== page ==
There are three burial grounds closely associated with Trinity Church. The first Trinity Church Cemetery is Trinity Churchyard, at Wall Street and Broadway, in which are interred Alexander Hamilton, William Bradford, Robert Fulton, and Albert Gallatin. The second is Trinity Church Cemetery and Mausoleum on upper Riverside Drive at 155th Street, formerly the location of John James Audubon's estate, in which are interred John James Audubon, Alfred Tennyson Dickens, John Jacob Astor, and Clement Clarke Moore. The third is the Churchyard of St. Paul's Chapel. Trinity Church Cemetery consists of three separate burial grounds associated with Trinity Church in Manhattan, New York, USA. The first was established in the Churchyard located at 74 Trinity Place at Wall Street and Broadway. ... For other uses, see Wall Street (disambiguation). ... A portrait of Alexander Hamilton by John Trumbull, 1792. ... William Bradford (May 20, 1663- May 23, 1752) was an early British printer in North America, and the head of a family that included leading publishers for 140 years. ... Robert Fulton Robert Fulton (November 14, 1765 – February 24, 1815) was a US engineer and inventor, who was widely credited with developing the first steam-powered ship. ... Albert Gallatin Abraham Alfonse Albert Gallatin (January 29, 1761–August 12, 1849) was an ethnologist, linguist, American politician, diplomat, and Secretary of the Treasury. ... Riverside Drive is a scenic north-south thoroughfare in New York City. ... John James Audubon John James Audubon (April 26, 1785 – January 27, 1851) was a Franco-American ornithologist, naturalist, and painter. ... John James Audubon John James Audubon (April 26, 1785 – January 27, 1851) was a Franco-American ornithologist, naturalist, and painter. ... John Jacob (originally Johann Jakob) Astor (July 17, 1763 - March 29, 1848) made a fortune in fur trading and real estate. ... Clement Clarke Moore, (July 15, 1779 – July 10, 1863), is best known as the credited author of A Visit From St. ...


On July 9, 1976, the church was visited by Queen Elizabeth II of the United Kingdom, and she was presented with a symbolic "back rent" of 279 peppercorns. July 9 is the 190th day of the year (191st in leap years) in the Gregorian Calendar, with 175 days remaining. ... 1976 (MCMLXXVI) was a leap year starting on Thursday (the link is to a full 1976 calendar). ... Elizabeth II (Elizabeth Alexandra Mary Windsor), born 21 April 1926, is Queen of sixteen independent nations known as the Commonwealth Realms (and has previously been Queen of sixteen others). ...


The parish has a large number of realty holdings, including 26 commercial buildings in Lower Manhattan and 470 acres (1.9 km²) of land in Connecticut.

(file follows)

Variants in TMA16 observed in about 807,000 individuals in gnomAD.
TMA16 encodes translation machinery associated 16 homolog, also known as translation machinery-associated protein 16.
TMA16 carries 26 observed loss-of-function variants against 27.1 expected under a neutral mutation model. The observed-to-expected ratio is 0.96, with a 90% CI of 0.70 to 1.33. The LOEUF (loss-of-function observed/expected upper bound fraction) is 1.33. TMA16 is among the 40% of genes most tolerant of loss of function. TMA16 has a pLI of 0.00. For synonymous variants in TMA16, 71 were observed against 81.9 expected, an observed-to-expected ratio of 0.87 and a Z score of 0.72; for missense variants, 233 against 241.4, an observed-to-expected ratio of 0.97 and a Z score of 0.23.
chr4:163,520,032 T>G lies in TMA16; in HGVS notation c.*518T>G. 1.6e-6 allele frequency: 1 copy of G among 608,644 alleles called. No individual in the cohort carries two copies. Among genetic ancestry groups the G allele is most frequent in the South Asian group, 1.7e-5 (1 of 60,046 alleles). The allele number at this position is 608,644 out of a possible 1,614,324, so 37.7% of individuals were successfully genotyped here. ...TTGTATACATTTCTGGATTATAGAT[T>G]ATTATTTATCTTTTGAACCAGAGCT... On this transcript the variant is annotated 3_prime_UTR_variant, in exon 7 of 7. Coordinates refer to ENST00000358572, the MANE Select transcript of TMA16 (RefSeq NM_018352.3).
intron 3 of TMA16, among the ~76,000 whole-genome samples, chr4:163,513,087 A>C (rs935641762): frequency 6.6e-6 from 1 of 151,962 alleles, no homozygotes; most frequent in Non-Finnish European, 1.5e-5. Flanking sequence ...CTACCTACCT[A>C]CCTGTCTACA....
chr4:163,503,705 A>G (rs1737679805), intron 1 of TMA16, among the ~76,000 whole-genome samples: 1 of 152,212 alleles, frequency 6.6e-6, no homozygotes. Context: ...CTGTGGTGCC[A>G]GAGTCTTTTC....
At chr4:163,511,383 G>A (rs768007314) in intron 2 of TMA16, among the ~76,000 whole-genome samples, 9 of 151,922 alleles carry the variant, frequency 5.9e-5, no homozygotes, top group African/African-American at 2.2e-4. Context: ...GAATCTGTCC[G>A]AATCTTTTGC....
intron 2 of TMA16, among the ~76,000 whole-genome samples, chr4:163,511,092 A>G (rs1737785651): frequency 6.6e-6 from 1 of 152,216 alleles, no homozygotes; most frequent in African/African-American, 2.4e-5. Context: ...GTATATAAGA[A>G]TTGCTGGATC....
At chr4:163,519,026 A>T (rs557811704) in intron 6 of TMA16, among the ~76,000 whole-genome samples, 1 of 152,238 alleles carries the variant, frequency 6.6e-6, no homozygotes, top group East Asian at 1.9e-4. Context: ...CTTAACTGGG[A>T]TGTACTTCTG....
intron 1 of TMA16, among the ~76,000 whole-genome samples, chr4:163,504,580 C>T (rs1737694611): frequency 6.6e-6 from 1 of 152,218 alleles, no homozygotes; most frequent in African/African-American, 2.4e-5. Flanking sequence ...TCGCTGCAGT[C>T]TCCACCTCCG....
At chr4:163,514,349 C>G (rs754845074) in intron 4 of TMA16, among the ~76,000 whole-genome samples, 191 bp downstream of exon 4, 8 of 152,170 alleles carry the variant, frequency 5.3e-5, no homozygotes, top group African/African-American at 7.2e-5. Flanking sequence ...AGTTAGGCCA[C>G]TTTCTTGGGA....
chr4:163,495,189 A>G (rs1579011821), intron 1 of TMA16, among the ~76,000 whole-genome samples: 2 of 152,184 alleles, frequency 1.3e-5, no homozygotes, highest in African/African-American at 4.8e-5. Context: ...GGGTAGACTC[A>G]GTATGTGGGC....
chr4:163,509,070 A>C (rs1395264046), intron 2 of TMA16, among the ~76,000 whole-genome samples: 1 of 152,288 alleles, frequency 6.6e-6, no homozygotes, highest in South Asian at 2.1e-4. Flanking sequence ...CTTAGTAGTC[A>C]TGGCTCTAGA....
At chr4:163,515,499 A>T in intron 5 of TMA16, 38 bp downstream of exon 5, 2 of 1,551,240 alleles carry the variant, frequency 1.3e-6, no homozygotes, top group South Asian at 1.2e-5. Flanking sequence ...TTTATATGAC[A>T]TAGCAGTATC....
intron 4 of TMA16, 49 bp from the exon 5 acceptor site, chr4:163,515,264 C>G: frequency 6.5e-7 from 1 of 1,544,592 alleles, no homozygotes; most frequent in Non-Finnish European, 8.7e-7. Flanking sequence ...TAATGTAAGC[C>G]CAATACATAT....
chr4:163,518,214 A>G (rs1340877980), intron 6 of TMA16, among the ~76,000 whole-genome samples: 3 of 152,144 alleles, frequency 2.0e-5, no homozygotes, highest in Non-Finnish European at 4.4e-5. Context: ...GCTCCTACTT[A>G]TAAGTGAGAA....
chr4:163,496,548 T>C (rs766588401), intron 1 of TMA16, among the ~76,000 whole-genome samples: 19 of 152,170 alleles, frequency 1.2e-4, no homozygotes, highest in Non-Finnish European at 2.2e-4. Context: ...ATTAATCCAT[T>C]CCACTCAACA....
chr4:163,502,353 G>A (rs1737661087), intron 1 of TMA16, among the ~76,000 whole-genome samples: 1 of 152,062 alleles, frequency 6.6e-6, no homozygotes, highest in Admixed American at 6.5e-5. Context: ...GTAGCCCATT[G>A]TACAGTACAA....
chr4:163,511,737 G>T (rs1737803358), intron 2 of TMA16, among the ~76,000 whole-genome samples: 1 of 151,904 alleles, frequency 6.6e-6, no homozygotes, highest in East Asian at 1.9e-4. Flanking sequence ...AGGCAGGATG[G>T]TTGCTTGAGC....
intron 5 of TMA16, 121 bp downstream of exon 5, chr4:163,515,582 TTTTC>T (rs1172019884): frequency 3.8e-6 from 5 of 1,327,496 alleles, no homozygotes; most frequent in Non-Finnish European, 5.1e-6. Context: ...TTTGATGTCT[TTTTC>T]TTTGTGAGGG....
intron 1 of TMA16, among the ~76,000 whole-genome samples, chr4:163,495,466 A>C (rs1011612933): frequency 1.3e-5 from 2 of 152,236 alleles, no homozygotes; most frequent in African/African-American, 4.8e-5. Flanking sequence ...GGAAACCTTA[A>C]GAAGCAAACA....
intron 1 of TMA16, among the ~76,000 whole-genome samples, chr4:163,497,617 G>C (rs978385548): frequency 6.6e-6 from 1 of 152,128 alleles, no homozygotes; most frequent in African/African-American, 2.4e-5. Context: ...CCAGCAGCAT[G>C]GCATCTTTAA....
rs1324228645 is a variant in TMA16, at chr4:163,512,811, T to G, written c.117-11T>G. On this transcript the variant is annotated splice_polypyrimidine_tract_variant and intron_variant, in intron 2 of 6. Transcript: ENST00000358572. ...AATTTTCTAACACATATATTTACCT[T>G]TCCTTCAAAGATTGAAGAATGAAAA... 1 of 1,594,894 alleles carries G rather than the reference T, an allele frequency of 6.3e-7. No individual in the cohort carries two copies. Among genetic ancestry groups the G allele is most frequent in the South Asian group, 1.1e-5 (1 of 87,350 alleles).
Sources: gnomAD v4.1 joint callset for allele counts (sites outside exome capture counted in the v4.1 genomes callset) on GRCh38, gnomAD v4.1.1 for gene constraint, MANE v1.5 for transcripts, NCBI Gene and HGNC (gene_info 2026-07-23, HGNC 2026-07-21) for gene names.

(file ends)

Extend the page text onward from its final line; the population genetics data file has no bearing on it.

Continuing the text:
Ever since 1993, Trinity church has played the main place the High School Of Economics and finance holds their senior graduation ceremonies. The school is appropiately located on Trinity Place (a few blocks away from the church).


The 2004 movie National Treasure gave more populairity and more attention to this church as it was the site of scene where they found the "Treasure". 2004 (MMIV) was a leap year starting on Thursday of the Gregorian calendar. ... Film refers to the celluloid media on which movies are printed. ... This is for the movie. ...


See also

Wikimedia Commons has media related to:
Trinity Church

Image File history File links Commons-logo. ... The Wikimedia Commons (also called Commons or Wikicommons) is a repository of free content images, sound and other multimedia files. ... Trinity School Labore et virtute (Labor and virtue)   Trinity School is an independent K-12 private school located in New York City and is a member of the Ivy Preparatory School League. ... Columbia University is a private university in the Morningside Heights neighborhood of Manhattan, New York City and a member of the Ivy League. ... This article needs to be cleaned up to conform to a higher standard of quality. ...

External links

  • Trinity Church Official Site.
  • Trinity Church and the schoolhouse of Trinity School (circa 17??)

  Results from FactBites:
 
Trinity Church, New York - Wikipedia, the free encyclopedia (650 words)
A glimpse of New York from Trinity Church steeple.
In 1709, William Huddleston founded Trinity School as the charity school of the church, and classes were originally held in the steeple of the church.
The second is Trinity Church Cemetery and Mausoleum on upper Riverside Drive at 155th Street, formerly the location of John James Audubon's estate, in which are interred John James Audubon, Alfred Tennyson Dickens, John Jacob Astor, and Clement Clarke Moore.
New York Architecture Images- TRINITY CHURCH (2085 words)
The basilica plan church is built in the English Perpendicular Gothic Style of the 14th century, signaling the arrival of Gothic Revival ideals brought from England to New York in the mid 19th century.
Trinity Church, which was burned during the Revolutionary War, saw the official end of the conflict and is the resting place of many martyrs of the revolution, including Alexander Hamilton.
The burning of Trinity left St. Paul's chapel further north as the center of religious life in the city during the remainder of the war, and as New York served as the capital of the new nation.
  More results at FactBites »

 
 

COMMENTARY     


Share your thoughts, questions and commentary here
Your name
Your comments

Want to know more?
Search encyclopedia, statistics and forums:

 


Press Releases |  Feeds | Contact
The Wikipedia article included on this page is licensed under the GFDL.
Images may be subject to relevant owners' copyright.
All other elements are (c) copyright NationMaster.com 2003-5. All Rights Reserved.
Usage implies agreement with terms, 1022, m